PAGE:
THE BLOG
03/18/2010 05:12 am ET | Updated May 25, 2011

The Power of Prom Dresses

If we were to play a little free association, and you asked me to say the first thing that "December" brings to mind, I probably wouldn't say Christmas, yuletide greetings, or chestnuts roasting by an open fire. My brain, at least since 2007, thinks "prom."

Every year in December, seventeen.com launches prom content -- quizzes, videos, a huge Dress Finder -- because SeventeenPROM and TeenPROM magazines hit newsstands the day after Christmas. Winter break is prime time for planning the perfect prom outfit, and Google searches for "prom dresses" climb.

If you consider proms to be too extravagant and debaucherous these days (revealing dresses, underage drinking, hooking up), then 10 bucks says I can change your mind. Because I believe in the power of teen girls, and if you can inspire her to rock the prom, you can inspire her to rock the world.

It all starts with donated dresses. As editor of DonateMyDress.org for Hearst Digital Media, I manage a network of nearly 100 dress drives nationwide, where young women can go to donate or receive free dresses. When we started DonateMyDress.org in April 2008, I thought it would just be a static directory of dress drives. I was wrong. Today, DonateMyDress.org is one of the most dynamic projects I work on, a year-long conversation with chapter leaders, teenagers in need, interested donors, and corporate supporters.

What I've learned is that for every donated dress, there is so much potential hidden in the confidence it gives the recipient and the joy it gives the donor. This can be hard to notice individually, but when I look at the big picture nationally, I begin to notice the impact.

  1. Girls who receive donated dresses are so grateful, they later pay it forward to keep the giving circle going.
  2. A girl who received a donated dress from The Fairy Godmother Project of Houston never forgot the good deed. She wrote them, "Now that I have finished college and am a successful businesswoman, I have seized the opportunity to return the love and acceptance that this organization provided me." Another girl who accepted a dress from Cinderella's Closet for her junior prom pledged that she would donate the senior prom dress she was saving up for to another girl afterward.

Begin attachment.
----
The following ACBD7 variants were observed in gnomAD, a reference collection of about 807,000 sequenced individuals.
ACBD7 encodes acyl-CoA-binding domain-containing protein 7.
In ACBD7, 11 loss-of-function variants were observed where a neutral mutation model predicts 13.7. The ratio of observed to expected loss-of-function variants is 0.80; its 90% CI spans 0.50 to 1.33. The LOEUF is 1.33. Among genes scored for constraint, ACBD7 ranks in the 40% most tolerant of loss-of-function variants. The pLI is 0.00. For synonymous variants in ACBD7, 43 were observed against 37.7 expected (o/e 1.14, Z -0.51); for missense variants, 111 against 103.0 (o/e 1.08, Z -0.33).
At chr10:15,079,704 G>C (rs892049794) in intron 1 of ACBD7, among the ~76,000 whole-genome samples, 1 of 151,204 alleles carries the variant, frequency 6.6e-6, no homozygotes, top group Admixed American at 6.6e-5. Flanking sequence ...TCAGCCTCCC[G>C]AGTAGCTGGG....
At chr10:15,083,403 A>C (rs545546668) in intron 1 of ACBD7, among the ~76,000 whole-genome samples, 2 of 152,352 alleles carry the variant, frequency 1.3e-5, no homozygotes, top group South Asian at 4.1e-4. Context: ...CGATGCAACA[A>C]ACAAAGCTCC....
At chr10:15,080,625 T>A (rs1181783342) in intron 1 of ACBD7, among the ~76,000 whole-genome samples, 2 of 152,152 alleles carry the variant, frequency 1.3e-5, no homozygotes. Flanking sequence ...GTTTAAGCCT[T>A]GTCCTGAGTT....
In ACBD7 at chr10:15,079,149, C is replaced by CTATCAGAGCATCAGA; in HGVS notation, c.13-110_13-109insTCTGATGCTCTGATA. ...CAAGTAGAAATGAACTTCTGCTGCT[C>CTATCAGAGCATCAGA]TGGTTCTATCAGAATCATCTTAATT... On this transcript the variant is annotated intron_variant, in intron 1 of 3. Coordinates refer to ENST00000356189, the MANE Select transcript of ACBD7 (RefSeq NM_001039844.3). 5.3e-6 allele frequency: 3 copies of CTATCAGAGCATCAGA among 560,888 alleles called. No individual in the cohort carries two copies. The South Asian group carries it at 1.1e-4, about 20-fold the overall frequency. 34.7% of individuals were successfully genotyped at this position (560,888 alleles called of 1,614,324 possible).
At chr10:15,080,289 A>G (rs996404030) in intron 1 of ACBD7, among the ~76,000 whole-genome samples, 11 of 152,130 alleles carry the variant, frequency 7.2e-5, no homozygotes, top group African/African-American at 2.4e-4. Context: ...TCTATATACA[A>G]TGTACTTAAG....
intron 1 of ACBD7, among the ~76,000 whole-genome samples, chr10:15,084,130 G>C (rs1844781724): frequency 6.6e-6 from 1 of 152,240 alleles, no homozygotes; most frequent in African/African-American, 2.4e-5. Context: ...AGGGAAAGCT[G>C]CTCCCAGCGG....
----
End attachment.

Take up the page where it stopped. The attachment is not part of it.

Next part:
• Dress distribution events build an audience for empowerment.
  • Dress recipients often come from struggling families and don't receive the most positive messages. So when they come to receive a dress, many chapters host fun workshops to teach them life skills, dream building, and wellness. Fashion opens a back door into great conversations about their futures.

  • Young women who can't find a dress drop-off center near them become inspired to start one, fostering community leaders.
  • In January, I'm publishing a guide on how to start dress drives on DonateMyDress.org, because I receive so many e-mails asking for tips. Those who don't have a dress chapter in their city can always donate by mail, but they want to do more. They want to give girls in their community a place to find dresses. DonateMyDress.org is encouraging leadership among women who always wanted to do good, but just didn't know where to begin.

  • When you discover what a big impact something as small as donating a dress has, you want to flex your do-good muscles even more.
  • If simply giving a girl a dress can bring her so much confidence on one night, what happens if we support her education? What if you helped an inner city girl get a scholarship to college, or helped a girl attend school in parts of the world where education is not public and free? She gains the skills to solve problems, articulate opinions, understand worldviews.

    If high school girls can rally their friends to donate dresses, what if we show them that in college, they can collect as little as $5 from each person in their dorm and together sponsor a girl's education in Africa for a year? For the She's the First campaign, which I created independently of Hearst, we just tested this idea with Welsh Family Hall at the University of Notre Dame. The residents made it possible for Viola, an 11-year-old girl born and raised during the Liberian civil war, to finish K2 this year. It's a late start for an 11-year-old, but better than none at all.

    Now, that's the true beauty of dress donation: Whether you give or you get, you discover dresses are just the beginning. Because once you rock the prom, you can rock the world.

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